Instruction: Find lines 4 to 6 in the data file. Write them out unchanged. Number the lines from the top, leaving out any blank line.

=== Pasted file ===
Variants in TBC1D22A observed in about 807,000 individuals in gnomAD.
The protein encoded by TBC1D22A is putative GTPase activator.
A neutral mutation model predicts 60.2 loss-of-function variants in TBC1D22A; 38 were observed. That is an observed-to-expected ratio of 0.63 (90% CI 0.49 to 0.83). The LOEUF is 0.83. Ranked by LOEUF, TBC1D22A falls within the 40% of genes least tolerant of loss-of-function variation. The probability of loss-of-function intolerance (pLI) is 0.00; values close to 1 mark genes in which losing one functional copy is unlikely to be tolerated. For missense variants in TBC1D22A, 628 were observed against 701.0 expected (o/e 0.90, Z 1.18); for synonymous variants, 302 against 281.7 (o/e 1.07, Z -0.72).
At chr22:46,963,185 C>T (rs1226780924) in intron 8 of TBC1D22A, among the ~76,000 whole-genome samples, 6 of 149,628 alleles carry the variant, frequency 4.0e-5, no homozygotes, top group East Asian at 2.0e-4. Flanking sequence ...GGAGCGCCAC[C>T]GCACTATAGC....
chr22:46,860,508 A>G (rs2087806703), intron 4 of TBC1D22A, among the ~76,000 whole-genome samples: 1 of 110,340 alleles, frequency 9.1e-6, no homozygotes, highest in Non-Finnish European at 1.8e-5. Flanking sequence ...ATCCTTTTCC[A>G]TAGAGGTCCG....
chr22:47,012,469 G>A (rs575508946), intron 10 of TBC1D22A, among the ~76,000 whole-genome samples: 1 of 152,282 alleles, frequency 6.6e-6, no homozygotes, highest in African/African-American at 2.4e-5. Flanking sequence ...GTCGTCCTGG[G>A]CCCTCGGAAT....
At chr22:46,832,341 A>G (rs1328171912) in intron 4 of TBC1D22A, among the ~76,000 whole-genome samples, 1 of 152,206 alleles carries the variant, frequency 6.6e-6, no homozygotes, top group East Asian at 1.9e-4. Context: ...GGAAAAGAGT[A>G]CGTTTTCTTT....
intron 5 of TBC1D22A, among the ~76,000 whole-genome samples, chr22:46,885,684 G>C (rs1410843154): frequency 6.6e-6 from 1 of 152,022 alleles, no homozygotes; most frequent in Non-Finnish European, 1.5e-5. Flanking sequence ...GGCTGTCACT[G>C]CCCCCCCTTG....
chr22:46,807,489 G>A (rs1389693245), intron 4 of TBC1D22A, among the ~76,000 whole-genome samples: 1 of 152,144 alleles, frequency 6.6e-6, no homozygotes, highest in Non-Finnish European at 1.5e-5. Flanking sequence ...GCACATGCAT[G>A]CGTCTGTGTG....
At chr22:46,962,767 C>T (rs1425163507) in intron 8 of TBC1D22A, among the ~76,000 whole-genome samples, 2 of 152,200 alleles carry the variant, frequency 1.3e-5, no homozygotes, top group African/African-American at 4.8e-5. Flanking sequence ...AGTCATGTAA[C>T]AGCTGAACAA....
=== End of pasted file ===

At chr22:46,963,185 C>T (rs1226780924) in intron 8 of TBC1D22A, among the ~76,000 whole-genome samples, 6 of 149,628 alleles carry the variant, frequency 4.0e-5, no homozygotes, top group East Asian at 2.0e-4. Flanking sequence ...GGAGCGCCAC[C>T]GCACTATAGC....
chr22:46,860,508 A>G (rs2087806703), intron 4 of TBC1D22A, among the ~76,000 whole-genome samples: 1 of 110,340 alleles, frequency 9.1e-6, no homozygotes, highest in Non-Finnish European at 1.8e-5. Flanking sequence ...ATCCTTTTCC[A>G]TAGAGGTCCG....
chr22:47,012,469 G>A (rs575508946), intron 10 of TBC1D22A, among the ~76,000 whole-genome samples: 1 of 152,282 alleles, frequency 6.6e-6, no homozygotes, highest in African/African-American at 2.4e-5. Flanking sequence ...GTCGTCCTGG[G>A]CCCTCGGAAT....